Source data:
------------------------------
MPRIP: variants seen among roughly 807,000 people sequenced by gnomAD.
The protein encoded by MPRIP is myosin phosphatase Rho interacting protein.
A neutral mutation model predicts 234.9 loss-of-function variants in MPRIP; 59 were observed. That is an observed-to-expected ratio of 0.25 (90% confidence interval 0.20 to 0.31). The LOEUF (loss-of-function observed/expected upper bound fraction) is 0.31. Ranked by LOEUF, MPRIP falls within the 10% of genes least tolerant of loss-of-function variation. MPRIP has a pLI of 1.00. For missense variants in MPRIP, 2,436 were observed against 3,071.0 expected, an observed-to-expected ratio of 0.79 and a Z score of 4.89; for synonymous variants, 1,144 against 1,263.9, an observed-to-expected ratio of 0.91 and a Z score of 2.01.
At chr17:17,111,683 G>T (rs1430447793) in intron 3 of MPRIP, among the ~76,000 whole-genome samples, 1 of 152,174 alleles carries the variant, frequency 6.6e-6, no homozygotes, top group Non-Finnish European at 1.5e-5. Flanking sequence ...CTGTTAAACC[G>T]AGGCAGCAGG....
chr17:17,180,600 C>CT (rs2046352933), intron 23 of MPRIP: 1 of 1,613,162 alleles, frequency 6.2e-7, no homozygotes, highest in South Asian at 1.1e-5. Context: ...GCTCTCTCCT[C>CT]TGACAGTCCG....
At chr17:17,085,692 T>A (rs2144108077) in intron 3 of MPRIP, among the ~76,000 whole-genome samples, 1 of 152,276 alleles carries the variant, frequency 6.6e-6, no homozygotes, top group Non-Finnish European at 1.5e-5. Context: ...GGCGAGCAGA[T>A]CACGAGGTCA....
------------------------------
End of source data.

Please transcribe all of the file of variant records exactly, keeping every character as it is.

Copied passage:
MPRIP: variants seen among roughly 807,000 people sequenced by gnomAD.
The protein encoded by MPRIP is myosin phosphatase Rho interacting protein.
A neutral mutation model predicts 234.9 loss-of-function variants in MPRIP; 59 were observed. That is an observed-to-expected ratio of 0.25 (90% confidence interval 0.20 to 0.31). The LOEUF (loss-of-function observed/expected upper bound fraction) is 0.31. Ranked by LOEUF, MPRIP falls within the 10% of genes least tolerant of loss-of-function variation. MPRIP has a pLI of 1.00. For missense variants in MPRIP, 2,436 were observed against 3,071.0 expected, an observed-to-expected ratio of 0.79 and a Z score of 4.89; for synonymous variants, 1,144 against 1,263.9, an observed-to-expected ratio of 0.91 and a Z score of 2.01.
At chr17:17,111,683 G>T (rs1430447793) in intron 3 of MPRIP, among the ~76,000 whole-genome samples, 1 of 152,174 alleles carries the variant, frequency 6.6e-6, no homozygotes, top group Non-Finnish European at 1.5e-5. Flanking sequence ...CTGTTAAACC[G>T]AGGCAGCAGG....
chr17:17,180,600 C>CT (rs2046352933), intron 23 of MPRIP: 1 of 1,613,162 alleles, frequency 6.2e-7, no homozygotes, highest in South Asian at 1.1e-5. Context: ...GCTCTCTCCT[C>CT]TGACAGTCCG....
At chr17:17,085,692 T>A (rs2144108077) in intron 3 of MPRIP, among the ~76,000 whole-genome samples, 1 of 152,276 alleles carries the variant, frequency 6.6e-6, no homozygotes, top group Non-Finnish European at 1.5e-5. Context: ...GGCGAGCAGA[T>A]CACGAGGTCA....